Marijuana in the Workplace FAQs

Marijuana can be a hazy issue for small business owners. Here’s what you need to know about drug tests, policies, and more.


No account yet? Register

Editor’s note: This article is for informational purposes and is not meant to provide legal, regulatory, accounting, or tax advice.

The national landscape is shifting when it comes to marijuana. As states change their drug laws, employers are left to grapple with the impact of marijuana usage in the workplace.

Here are the most common questions employers ask …

If marijuana is legal in my state, can I still drug test my employees for that substance?

Yes. Although marijuana may be legal in some states, it’s not considered lawful under federal law. In fact, workers who operate commercial vehicles must undergo drug testing, as mandated by the Department of Transportation.

Employers are still allowed to test employees for drug usage to maintain a safe work environment. For many professions, such as healthcare providers, working while under the influence can be considered a safety issue.

Dish Network exercised its right to drug test in Colorado, conducting a screening for marijuana usage within its workforce. One employee failed the test and was terminated. The ruling came down to the fact that even though marijuana is legal in the state, the employee’s use of the substance was deemed unlawful at the federal level.

For employers in states where marijuana is legal, it’s imperative to create clear and coherent workplace drug policies that spell out when employees will be tested, identify which substances will be tested for, who will conduct the test, and the timeframe for testing.

When can my company instate a zero-tolerance policy?

While a number of states have legalized marijuana, employers still have the right to institute their own policies — and businesses can instate a zero-tolerance policy at any time.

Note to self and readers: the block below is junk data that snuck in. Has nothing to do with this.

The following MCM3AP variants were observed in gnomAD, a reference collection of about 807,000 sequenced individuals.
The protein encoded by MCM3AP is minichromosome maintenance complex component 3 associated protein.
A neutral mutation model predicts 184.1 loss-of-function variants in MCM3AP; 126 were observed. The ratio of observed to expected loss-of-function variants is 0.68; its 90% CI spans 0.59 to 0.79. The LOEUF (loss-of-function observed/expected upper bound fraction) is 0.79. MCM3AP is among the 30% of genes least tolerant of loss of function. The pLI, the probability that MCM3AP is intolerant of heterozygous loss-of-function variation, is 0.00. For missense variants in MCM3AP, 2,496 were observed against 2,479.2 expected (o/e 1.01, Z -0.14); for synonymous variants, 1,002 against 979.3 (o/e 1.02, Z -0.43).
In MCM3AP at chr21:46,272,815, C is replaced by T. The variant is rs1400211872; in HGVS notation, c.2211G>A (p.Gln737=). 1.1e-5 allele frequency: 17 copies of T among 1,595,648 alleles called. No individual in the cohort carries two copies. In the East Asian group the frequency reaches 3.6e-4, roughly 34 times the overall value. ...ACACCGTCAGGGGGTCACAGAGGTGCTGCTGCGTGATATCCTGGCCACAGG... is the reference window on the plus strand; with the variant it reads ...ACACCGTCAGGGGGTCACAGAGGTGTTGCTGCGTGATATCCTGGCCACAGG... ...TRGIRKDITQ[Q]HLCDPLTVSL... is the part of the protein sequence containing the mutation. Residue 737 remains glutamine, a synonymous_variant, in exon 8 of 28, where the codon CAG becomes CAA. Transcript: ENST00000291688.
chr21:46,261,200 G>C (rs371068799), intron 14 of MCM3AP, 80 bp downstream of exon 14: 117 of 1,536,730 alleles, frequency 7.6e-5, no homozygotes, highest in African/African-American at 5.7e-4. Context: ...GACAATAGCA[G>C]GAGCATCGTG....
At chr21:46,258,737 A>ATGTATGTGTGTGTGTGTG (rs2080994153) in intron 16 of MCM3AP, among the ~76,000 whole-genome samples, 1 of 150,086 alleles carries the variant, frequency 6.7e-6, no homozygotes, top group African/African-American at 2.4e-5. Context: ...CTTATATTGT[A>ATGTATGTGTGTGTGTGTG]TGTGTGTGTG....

Employers do not have to tolerate marijuana in the workplace or outside of work. If they choose to enforce a strict zero-tolerance policy on-the-job and after hours, they can reprimand employees who don’t comply.

In states, like Colorado, where marijuana is legal, employers have the right to terminate workers who test positive for marijuana regardless of whether the employee used the drug while at work or when off duty. Although employers have the freedom to create and enforce their own drug policies, some organizations warn against zero-tolerance initiatives.

According to HR Dive, “Opting not to test workers for marijuana can save employers money on testing and give them access to a wider labor pool.”

After all, 1 in 8 Americans smoke marijuana.

How can I determine if my employees are impaired at work?

In some cases, marijuana in the workplace can be disruptive or even become a safety issue. If an employer suspects a staff member is intoxicated they should immediately document the behavior and then administer a drug test. This exact procedure should be outlined step-by-step in the company’s drug policy.

In which states is marijuana recreationally legal?

Remember, while it’s illegal at the federal level, 11 states currently allow recreational marijuana use, including:

  • Alaska
  • California
  • Colorado
  • Maine
  • Massachusetts
  • Michigan
  • Nevada
  • Oregon
  • Vermont
  • Washington
  • Washington, DC

In which states is marijuana medically legal?

Many states have adopted medical laws for marijuana use, including:

  • Alaska
  • Arizona
  • Arkansas
  • California
  • Colorado
  • Connecticut
  • Delaware
  • Florida
  • Hawaii
  • Illinois
  • Louisiana
  • Maine
  • Maryland
  • Massachusetts
  • Michigan
  • Minnesota
  • Missouri
  • Montana
  • Nevada
  • New Hampshire
  • New Jersey
  • New Mexico
  • New York
  • North Dakota
  • Ohio
  • Oklahoma
  • Oregon
  • Pennsylvania
  • Rhode Island
  • Utah, Vermont
  • Washington
  • Washington DC
  • West Virginia

Marijuana is still completely illegal in several states, including:

  • Alabama
  • Georgia
  • Idaho
  • Indiana
  • Iowa
  • Kansas
  • Kentucky
  • Louisiana
  • Mississippi
  • Nebraska
  • North Carolina
  • South Carolina
  • South Dakota
  • Tennessee
  • Texas
  • Virginia
  • Wisconsin
  • Wyoming

No account yet? Register

Might also interest you